Here, the FUBU founder and star of ABC’s Shark Tank shows that, far from being a liability, broke can actually be your greatest competitive advantage as an entrepreneur. Why? Because starting a business from broke forces you to think more creatively. It forces you to use your resources more efficiently. It forces you to connect with your customers more authentically, and market your ideas more imaginatively. It forces you to be true to yourself, stay laser focused on your goals, and come up with those innovative solutions required to make a meaningful mark.
Drawing his own experiences as an entrepreneur and branding consultant, peeks behind-the scenes from the set of Shark Tank, and stories of dozens of other entrepreneurs who have hustled their way to wealth, John shows how we can all leverage the power of broke to phenomenal success. You’ll meet:
· Steve Aoki, the electronic dance music (EDM) deejay who managed to parlay a series of $100 gigs into becoming a global superstar who has redefined the music industry
· Gigi Butler, a cleaning lady from Nashville who built cupcake empire on the back of a family recipe, her maxed out credit cards, and a heaping dose of faith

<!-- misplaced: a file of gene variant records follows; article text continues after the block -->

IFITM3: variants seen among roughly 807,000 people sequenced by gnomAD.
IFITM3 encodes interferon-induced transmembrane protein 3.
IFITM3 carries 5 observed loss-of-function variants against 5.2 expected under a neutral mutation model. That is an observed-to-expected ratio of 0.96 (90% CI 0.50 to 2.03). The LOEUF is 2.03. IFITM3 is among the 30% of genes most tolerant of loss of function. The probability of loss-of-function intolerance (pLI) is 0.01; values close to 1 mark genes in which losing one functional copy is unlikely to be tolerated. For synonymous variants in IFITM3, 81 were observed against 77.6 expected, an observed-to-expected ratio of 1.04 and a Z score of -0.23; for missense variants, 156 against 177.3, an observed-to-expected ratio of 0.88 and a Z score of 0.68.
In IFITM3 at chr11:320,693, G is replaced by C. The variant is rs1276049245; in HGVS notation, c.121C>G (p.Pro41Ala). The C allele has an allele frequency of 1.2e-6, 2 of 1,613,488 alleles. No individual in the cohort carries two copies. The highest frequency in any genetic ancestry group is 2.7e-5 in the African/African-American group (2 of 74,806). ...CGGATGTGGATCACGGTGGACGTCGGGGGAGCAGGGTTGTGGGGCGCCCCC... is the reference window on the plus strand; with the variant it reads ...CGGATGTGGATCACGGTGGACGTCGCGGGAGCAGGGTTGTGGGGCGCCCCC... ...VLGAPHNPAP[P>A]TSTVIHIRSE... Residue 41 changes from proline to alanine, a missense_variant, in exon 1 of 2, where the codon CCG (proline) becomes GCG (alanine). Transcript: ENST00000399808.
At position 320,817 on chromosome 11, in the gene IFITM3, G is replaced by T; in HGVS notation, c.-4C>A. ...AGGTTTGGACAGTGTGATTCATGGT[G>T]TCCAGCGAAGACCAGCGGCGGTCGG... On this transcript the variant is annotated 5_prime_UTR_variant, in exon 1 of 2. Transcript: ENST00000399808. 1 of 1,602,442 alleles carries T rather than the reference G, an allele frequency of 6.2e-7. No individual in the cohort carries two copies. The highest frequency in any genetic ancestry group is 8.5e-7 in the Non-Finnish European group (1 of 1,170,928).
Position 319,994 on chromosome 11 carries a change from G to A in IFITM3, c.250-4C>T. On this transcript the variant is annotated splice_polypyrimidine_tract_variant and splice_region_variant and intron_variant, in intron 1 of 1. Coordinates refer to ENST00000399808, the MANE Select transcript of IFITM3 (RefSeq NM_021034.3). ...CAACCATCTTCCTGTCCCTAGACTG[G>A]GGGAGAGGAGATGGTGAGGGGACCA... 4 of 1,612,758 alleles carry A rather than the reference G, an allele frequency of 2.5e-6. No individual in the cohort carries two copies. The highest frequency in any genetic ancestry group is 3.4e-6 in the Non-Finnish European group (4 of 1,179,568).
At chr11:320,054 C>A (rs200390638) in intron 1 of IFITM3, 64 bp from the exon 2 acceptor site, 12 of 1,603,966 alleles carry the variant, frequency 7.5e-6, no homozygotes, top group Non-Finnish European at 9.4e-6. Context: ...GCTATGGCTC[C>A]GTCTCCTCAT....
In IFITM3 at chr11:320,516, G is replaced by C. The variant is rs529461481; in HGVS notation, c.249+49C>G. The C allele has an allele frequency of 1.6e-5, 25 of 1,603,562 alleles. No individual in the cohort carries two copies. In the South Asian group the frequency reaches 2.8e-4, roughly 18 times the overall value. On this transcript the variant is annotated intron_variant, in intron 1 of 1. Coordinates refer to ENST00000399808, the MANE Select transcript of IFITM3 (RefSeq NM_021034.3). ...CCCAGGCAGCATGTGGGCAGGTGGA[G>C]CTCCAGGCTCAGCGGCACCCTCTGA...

· 11-year old Shark Tank guest Mo Bridges who stitched together a winning clothing line with just his grandma’s sewing machine, a stash of loose fabric, and his unique sartorial flair
When your back is up against the wall, your bank account is empty, and creativity and passion are the only resources you can afford, success is your only option. Here you’ll learn how to tap into that Power of Broke to scrape, hustle, and dream your way to the top.
New York Times Bestseller
With pragmatic recommendations on what government, business and labor should do to alleviate the economic crunch, The Big Squeeze is a balanced, consistently revealing look at a major American crisis.